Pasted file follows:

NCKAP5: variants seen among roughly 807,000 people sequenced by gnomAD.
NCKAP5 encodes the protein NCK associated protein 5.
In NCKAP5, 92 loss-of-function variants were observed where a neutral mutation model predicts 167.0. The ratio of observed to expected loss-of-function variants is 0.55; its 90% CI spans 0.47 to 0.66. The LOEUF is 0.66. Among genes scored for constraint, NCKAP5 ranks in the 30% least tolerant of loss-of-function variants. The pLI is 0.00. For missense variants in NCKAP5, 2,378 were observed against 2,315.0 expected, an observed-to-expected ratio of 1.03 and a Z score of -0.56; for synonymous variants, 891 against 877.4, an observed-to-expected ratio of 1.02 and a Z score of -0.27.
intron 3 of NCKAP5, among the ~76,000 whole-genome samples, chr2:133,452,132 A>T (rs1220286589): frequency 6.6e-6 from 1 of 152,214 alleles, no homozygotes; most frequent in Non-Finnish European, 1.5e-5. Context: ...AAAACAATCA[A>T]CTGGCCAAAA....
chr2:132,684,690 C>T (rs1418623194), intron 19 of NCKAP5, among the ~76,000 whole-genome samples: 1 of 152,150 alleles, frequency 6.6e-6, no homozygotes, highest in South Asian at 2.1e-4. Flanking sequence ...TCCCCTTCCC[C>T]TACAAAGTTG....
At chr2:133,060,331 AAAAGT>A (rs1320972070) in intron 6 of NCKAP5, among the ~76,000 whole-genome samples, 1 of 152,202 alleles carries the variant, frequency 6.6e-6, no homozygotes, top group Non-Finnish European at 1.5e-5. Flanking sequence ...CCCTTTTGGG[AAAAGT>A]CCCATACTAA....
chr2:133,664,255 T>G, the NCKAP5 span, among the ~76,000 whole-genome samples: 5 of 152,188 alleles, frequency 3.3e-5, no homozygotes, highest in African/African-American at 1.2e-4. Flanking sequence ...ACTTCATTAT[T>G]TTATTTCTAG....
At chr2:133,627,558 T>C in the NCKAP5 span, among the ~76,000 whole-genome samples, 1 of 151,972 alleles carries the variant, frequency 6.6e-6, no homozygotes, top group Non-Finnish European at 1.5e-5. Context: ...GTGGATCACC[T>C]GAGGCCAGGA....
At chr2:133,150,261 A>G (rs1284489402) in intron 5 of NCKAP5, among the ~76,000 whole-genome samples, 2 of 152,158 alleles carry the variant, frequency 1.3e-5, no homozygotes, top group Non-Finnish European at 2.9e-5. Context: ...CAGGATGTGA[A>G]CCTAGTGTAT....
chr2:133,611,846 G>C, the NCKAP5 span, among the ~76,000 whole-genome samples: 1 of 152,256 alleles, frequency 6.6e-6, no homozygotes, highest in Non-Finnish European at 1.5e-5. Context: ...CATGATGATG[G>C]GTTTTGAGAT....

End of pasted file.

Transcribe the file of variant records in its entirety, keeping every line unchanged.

NCKAP5: variants seen among roughly 807,000 people sequenced by gnomAD.
NCKAP5 encodes the protein NCK associated protein 5.
In NCKAP5, 92 loss-of-function variants were observed where a neutral mutation model predicts 167.0. The ratio of observed to expected loss-of-function variants is 0.55; its 90% CI spans 0.47 to 0.66. The LOEUF is 0.66. Among genes scored for constraint, NCKAP5 ranks in the 30% least tolerant of loss-of-function variants. The pLI is 0.00. For missense variants in NCKAP5, 2,378 were observed against 2,315.0 expected, an observed-to-expected ratio of 1.03 and a Z score of -0.56; for synonymous variants, 891 against 877.4, an observed-to-expected ratio of 1.02 and a Z score of -0.27.
intron 3 of NCKAP5, among the ~76,000 whole-genome samples, chr2:133,452,132 A>T (rs1220286589): frequency 6.6e-6 from 1 of 152,214 alleles, no homozygotes; most frequent in Non-Finnish European, 1.5e-5. Context: ...AAAACAATCA[A>T]CTGGCCAAAA....
chr2:132,684,690 C>T (rs1418623194), intron 19 of NCKAP5, among the ~76,000 whole-genome samples: 1 of 152,150 alleles, frequency 6.6e-6, no homozygotes, highest in South Asian at 2.1e-4. Flanking sequence ...TCCCCTTCCC[C>T]TACAAAGTTG....
At chr2:133,060,331 AAAAGT>A (rs1320972070) in intron 6 of NCKAP5, among the ~76,000 whole-genome samples, 1 of 152,202 alleles carries the variant, frequency 6.6e-6, no homozygotes, top group Non-Finnish European at 1.5e-5. Flanking sequence ...CCCTTTTGGG[AAAAGT>A]CCCATACTAA....
chr2:133,664,255 T>G, the NCKAP5 span, among the ~76,000 whole-genome samples: 5 of 152,188 alleles, frequency 3.3e-5, no homozygotes, highest in African/African-American at 1.2e-4. Flanking sequence ...ACTTCATTAT[T>G]TTATTTCTAG....
At chr2:133,627,558 T>C in the NCKAP5 span, among the ~76,000 whole-genome samples, 1 of 151,972 alleles carries the variant, frequency 6.6e-6, no homozygotes, top group Non-Finnish European at 1.5e-5. Context: ...GTGGATCACC[T>C]GAGGCCAGGA....
At chr2:133,150,261 A>G (rs1284489402) in intron 5 of NCKAP5, among the ~76,000 whole-genome samples, 2 of 152,158 alleles carry the variant, frequency 1.3e-5, no homozygotes, top group Non-Finnish European at 2.9e-5. Context: ...CAGGATGTGA[A>G]CCTAGTGTAT....
chr2:133,611,846 G>C, the NCKAP5 span, among the ~76,000 whole-genome samples: 1 of 152,256 alleles, frequency 6.6e-6, no homozygotes, highest in Non-Finnish European at 1.5e-5. Context: ...CATGATGATG[G>C]GTTTTGAGAT....